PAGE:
Starring Satya Bhabha, Shahana Goswami. Written by Salman Rushdie. Directed by Deepa Mehta. PG. 148 min. Opens Nov. 2.
Deepa Mehta’s film Midnight’s Children is like a banquet with so many dishes that you barely have time to taste one before another is placed on the table. For fans of Salman Rushdie’s much-loved magic-realist novel, watching the movie is an exercise in frustration, as wonderful characters and memorable scenes go whizzing by before you’ve had a chance to savour them. For those unfamiliar with the book—or with the history of modern India—the effect is bewildering and, finally, disengaging.
Mehta’s direction seeks to emulate the exhilarating pace of Rushdie’s lively prose, but instead the film gallops along at an unvarying rhythm until the very last scenes. And Rushdie, who wrote the screenplay, tries to cram in far too much. Like the novel, the picture is strongest in its comical first part, as it follows the tangled origins and awkward boyhood of Saleem Sinai (Darsheel Safary), whose birth at midnight on Aug. 15, 1947—the precise moment that India gained its independence—has given him the uncanny ability to communicate telepathically, via his oversized nose, with the other children born at the same hour. But as Saleem grows into a hapless adult (Satya Bhabha) and his tumultuous fortunes mirror those of his homeland, the movie becomes increasingly fragmented and turns into a nonstop parade of wars and crises.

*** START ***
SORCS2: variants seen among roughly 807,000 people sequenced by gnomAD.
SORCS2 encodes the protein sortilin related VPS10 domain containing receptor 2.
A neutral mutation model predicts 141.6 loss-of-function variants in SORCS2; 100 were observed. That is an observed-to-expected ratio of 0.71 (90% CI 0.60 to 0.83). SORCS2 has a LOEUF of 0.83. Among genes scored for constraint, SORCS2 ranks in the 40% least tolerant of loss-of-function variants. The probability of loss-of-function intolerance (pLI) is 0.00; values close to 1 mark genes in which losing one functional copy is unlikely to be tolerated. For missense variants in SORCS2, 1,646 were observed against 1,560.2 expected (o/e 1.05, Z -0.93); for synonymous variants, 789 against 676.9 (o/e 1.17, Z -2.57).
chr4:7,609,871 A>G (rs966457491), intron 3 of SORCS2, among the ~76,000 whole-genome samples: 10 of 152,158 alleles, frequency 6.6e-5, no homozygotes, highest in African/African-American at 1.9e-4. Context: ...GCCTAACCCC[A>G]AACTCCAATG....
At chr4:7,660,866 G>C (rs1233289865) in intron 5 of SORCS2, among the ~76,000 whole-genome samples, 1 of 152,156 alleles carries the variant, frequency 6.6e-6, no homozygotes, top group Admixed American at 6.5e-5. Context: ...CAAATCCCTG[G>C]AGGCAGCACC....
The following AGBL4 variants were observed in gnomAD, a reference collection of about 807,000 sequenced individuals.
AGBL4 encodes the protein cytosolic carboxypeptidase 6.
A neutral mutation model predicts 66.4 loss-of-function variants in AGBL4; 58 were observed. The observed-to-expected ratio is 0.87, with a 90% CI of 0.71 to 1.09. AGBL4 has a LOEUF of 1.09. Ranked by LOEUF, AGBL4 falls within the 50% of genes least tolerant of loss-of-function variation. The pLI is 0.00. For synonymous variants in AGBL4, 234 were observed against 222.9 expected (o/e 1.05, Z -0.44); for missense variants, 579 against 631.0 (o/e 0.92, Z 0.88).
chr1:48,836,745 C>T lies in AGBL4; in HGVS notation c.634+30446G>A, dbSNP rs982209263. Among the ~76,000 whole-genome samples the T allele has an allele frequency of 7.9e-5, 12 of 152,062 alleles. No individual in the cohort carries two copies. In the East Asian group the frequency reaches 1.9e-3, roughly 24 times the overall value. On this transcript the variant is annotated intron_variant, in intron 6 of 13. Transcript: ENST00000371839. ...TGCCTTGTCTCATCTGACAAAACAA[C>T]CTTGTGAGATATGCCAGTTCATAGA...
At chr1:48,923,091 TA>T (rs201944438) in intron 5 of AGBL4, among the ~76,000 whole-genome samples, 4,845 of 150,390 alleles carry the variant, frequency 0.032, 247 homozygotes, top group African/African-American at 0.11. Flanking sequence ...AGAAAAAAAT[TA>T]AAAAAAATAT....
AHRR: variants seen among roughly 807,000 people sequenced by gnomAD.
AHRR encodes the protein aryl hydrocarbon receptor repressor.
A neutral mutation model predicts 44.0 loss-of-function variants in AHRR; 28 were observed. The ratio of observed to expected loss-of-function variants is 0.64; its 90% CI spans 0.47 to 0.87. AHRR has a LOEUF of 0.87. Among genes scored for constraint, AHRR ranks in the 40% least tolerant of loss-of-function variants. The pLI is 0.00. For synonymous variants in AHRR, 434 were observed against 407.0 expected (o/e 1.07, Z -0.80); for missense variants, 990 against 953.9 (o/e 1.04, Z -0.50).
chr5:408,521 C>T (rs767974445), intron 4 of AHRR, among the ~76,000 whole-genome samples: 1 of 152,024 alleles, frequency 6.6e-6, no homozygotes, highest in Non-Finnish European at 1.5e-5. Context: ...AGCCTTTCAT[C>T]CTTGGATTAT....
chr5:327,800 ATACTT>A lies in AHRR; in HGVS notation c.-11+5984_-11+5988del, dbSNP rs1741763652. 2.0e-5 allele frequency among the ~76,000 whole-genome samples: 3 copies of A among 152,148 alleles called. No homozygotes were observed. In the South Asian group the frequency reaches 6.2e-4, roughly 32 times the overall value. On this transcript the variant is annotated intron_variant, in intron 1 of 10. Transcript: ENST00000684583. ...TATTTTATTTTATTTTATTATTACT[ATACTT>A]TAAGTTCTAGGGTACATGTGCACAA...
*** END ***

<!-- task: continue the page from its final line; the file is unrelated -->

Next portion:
There are some fine supporting performances—Seema Biswas as Saleem’s guilt-ridden nanny, Charles Dance as a decaying remnant of British colonial rule—but few of the actors are given enough screen time to make an impression. And while Rushdie himself narrates, his literary “voice,” so funny and beguiling on the page, is all but absent.